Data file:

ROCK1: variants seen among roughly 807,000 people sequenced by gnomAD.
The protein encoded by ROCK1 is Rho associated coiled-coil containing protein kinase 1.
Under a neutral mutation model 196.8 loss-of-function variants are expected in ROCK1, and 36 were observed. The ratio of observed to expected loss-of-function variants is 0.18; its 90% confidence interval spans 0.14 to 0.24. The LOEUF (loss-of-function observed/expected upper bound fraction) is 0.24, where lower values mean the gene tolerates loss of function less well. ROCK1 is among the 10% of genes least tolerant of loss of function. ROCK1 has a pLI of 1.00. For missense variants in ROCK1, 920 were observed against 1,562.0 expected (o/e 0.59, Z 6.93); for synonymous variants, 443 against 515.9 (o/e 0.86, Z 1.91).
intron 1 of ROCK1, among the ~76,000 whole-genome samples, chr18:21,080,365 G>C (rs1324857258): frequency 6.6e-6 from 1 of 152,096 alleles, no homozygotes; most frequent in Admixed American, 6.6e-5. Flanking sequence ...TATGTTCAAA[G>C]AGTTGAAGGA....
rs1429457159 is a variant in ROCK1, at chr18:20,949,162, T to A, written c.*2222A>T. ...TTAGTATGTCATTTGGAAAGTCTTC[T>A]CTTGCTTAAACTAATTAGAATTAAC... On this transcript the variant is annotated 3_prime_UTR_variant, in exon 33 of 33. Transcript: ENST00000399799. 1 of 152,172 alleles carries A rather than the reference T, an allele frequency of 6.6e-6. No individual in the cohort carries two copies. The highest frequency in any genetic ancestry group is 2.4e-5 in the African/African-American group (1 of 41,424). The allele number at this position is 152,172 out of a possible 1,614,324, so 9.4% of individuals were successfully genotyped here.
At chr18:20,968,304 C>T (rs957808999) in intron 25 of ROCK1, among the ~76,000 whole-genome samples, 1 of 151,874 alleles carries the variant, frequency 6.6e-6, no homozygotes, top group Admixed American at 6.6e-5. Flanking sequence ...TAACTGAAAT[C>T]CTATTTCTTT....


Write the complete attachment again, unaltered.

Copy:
ROCK1: variants seen among roughly 807,000 people sequenced by gnomAD.
The protein encoded by ROCK1 is Rho associated coiled-coil containing protein kinase 1.
Under a neutral mutation model 196.8 loss-of-function variants are expected in ROCK1, and 36 were observed. The ratio of observed to expected loss-of-function variants is 0.18; its 90% confidence interval spans 0.14 to 0.24. The LOEUF (loss-of-function observed/expected upper bound fraction) is 0.24, where lower values mean the gene tolerates loss of function less well. ROCK1 is among the 10% of genes least tolerant of loss of function. ROCK1 has a pLI of 1.00. For missense variants in ROCK1, 920 were observed against 1,562.0 expected (o/e 0.59, Z 6.93); for synonymous variants, 443 against 515.9 (o/e 0.86, Z 1.91).
intron 1 of ROCK1, among the ~76,000 whole-genome samples, chr18:21,080,365 G>C (rs1324857258): frequency 6.6e-6 from 1 of 152,096 alleles, no homozygotes; most frequent in Admixed American, 6.6e-5. Flanking sequence ...TATGTTCAAA[G>C]AGTTGAAGGA....
rs1429457159 is a variant in ROCK1, at chr18:20,949,162, T to A, written c.*2222A>T. ...TTAGTATGTCATTTGGAAAGTCTTC[T>A]CTTGCTTAAACTAATTAGAATTAAC... On this transcript the variant is annotated 3_prime_UTR_variant, in exon 33 of 33. Transcript: ENST00000399799. 1 of 152,172 alleles carries A rather than the reference T, an allele frequency of 6.6e-6. No individual in the cohort carries two copies. The highest frequency in any genetic ancestry group is 2.4e-5 in the African/African-American group (1 of 41,424). The allele number at this position is 152,172 out of a possible 1,614,324, so 9.4% of individuals were successfully genotyped here.
At chr18:20,968,304 C>T (rs957808999) in intron 25 of ROCK1, among the ~76,000 whole-genome samples, 1 of 151,874 alleles carries the variant, frequency 6.6e-6, no homozygotes, top group Admixed American at 6.6e-5. Flanking sequence ...TAACTGAAAT[C>T]CTATTTCTTT....